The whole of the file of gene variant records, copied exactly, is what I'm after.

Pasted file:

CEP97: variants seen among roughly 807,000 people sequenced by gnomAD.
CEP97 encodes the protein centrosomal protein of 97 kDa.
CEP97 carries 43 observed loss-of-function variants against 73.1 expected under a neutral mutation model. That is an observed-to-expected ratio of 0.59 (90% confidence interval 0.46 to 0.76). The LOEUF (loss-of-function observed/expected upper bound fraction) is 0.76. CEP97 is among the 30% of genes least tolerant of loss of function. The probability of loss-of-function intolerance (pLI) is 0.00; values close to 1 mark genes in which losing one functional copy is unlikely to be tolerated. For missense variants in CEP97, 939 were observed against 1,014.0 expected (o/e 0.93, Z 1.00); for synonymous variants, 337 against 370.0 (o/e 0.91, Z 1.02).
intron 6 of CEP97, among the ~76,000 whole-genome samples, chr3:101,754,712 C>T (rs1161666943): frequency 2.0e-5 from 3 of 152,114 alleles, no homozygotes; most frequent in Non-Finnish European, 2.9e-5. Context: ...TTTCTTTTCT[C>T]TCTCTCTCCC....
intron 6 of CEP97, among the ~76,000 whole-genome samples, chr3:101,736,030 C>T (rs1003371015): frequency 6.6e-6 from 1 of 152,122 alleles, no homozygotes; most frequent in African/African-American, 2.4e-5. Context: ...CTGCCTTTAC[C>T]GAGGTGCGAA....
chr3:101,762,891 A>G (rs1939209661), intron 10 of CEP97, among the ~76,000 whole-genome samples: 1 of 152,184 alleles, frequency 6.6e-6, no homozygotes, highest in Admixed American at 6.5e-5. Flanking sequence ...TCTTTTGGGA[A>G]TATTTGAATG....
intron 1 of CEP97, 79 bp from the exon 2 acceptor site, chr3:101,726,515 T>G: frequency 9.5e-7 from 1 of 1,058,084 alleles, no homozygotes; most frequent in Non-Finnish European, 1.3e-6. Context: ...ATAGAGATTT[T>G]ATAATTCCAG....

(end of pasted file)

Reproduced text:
CEP97: variants seen among roughly 807,000 people sequenced by gnomAD.
CEP97 encodes the protein centrosomal protein of 97 kDa.
CEP97 carries 43 observed loss-of-function variants against 73.1 expected under a neutral mutation model. That is an observed-to-expected ratio of 0.59 (90% confidence interval 0.46 to 0.76). The LOEUF (loss-of-function observed/expected upper bound fraction) is 0.76. CEP97 is among the 30% of genes least tolerant of loss of function. The probability of loss-of-function intolerance (pLI) is 0.00; values close to 1 mark genes in which losing one functional copy is unlikely to be tolerated. For missense variants in CEP97, 939 were observed against 1,014.0 expected (o/e 0.93, Z 1.00); for synonymous variants, 337 against 370.0 (o/e 0.91, Z 1.02).
intron 6 of CEP97, among the ~76,000 whole-genome samples, chr3:101,754,712 C>T (rs1161666943): frequency 2.0e-5 from 3 of 152,114 alleles, no homozygotes; most frequent in Non-Finnish European, 2.9e-5. Context: ...TTTCTTTTCT[C>T]TCTCTCTCCC....
intron 6 of CEP97, among the ~76,000 whole-genome samples, chr3:101,736,030 C>T (rs1003371015): frequency 6.6e-6 from 1 of 152,122 alleles, no homozygotes; most frequent in African/African-American, 2.4e-5. Context: ...CTGCCTTTAC[C>T]GAGGTGCGAA....
chr3:101,762,891 A>G (rs1939209661), intron 10 of CEP97, among the ~76,000 whole-genome samples: 1 of 152,184 alleles, frequency 6.6e-6, no homozygotes, highest in Admixed American at 6.5e-5. Flanking sequence ...TCTTTTGGGA[A>G]TATTTGAATG....
intron 1 of CEP97, 79 bp from the exon 2 acceptor site, chr3:101,726,515 T>G: frequency 9.5e-7 from 1 of 1,058,084 alleles, no homozygotes; most frequent in Non-Finnish European, 1.3e-6. Context: ...ATAGAGATTT[T>G]ATAATTCCAG....